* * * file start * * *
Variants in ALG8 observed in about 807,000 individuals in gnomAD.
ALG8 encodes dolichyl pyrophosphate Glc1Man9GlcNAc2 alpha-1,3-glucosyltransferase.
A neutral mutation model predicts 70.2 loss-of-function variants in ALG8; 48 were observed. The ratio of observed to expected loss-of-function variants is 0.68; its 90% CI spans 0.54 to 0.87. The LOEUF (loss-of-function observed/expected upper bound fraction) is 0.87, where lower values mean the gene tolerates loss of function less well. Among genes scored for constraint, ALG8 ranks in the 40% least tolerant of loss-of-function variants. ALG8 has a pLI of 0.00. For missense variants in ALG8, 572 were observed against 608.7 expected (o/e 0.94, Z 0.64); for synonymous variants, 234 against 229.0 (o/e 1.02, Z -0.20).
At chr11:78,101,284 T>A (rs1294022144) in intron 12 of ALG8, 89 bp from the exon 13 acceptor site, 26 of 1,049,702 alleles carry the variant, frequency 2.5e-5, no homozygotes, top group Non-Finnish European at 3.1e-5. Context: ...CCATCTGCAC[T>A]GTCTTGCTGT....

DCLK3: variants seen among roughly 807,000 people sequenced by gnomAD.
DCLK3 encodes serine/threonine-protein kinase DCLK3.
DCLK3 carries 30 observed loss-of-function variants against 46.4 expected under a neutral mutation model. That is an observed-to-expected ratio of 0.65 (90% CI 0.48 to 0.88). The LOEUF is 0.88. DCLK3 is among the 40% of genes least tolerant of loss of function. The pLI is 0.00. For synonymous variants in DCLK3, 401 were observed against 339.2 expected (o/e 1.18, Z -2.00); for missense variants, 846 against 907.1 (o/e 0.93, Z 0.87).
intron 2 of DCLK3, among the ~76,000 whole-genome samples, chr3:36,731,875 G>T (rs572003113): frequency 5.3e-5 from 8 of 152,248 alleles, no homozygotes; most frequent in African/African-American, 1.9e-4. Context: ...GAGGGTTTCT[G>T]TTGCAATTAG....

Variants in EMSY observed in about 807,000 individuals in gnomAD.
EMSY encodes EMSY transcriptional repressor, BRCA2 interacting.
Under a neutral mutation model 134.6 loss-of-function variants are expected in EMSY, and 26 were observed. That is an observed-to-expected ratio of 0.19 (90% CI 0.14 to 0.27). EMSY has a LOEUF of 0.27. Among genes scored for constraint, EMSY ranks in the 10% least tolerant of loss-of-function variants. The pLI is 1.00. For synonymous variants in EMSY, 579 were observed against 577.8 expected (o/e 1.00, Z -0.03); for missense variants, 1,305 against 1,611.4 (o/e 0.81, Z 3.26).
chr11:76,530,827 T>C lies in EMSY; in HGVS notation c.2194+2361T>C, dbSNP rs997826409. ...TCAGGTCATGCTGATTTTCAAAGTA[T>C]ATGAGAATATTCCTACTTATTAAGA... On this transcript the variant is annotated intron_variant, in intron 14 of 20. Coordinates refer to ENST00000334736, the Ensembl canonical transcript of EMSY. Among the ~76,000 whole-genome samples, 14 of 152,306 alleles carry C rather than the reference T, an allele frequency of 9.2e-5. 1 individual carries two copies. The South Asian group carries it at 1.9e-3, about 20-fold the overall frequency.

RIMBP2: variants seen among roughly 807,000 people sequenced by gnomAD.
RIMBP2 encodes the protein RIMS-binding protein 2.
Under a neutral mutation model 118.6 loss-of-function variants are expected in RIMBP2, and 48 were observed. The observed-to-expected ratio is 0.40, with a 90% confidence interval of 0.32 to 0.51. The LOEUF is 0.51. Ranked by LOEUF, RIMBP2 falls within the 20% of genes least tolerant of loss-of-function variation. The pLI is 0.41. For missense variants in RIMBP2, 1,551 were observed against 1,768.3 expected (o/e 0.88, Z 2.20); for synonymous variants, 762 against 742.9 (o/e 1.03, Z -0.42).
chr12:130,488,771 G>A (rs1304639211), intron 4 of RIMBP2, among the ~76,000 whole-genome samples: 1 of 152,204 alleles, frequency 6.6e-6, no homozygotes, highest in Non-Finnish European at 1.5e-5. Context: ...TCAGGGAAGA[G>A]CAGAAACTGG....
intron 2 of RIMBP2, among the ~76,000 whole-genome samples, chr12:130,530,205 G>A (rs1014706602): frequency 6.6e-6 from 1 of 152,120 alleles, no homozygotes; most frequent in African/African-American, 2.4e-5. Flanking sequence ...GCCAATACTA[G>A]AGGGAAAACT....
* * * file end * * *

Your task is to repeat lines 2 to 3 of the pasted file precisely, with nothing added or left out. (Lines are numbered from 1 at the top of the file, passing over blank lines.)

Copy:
ALG8 encodes dolichyl pyrophosphate Glc1Man9GlcNAc2 alpha-1,3-glucosyltransferase.
A neutral mutation model predicts 70.2 loss-of-function variants in ALG8; 48 were observed. The ratio of observed to expected loss-of-function variants is 0.68; its 90% CI spans 0.54 to 0.87. The LOEUF (loss-of-function observed/expected upper bound fraction) is 0.87, where lower values mean the gene tolerates loss of function less well. Among genes scored for constraint, ALG8 ranks in the 40% least tolerant of loss-of-function variants. ALG8 has a pLI of 0.00. For missense variants in ALG8, 572 were observed against 608.7 expected (o/e 0.94, Z 0.64); for synonymous variants, 234 against 229.0 (o/e 1.02, Z -0.20).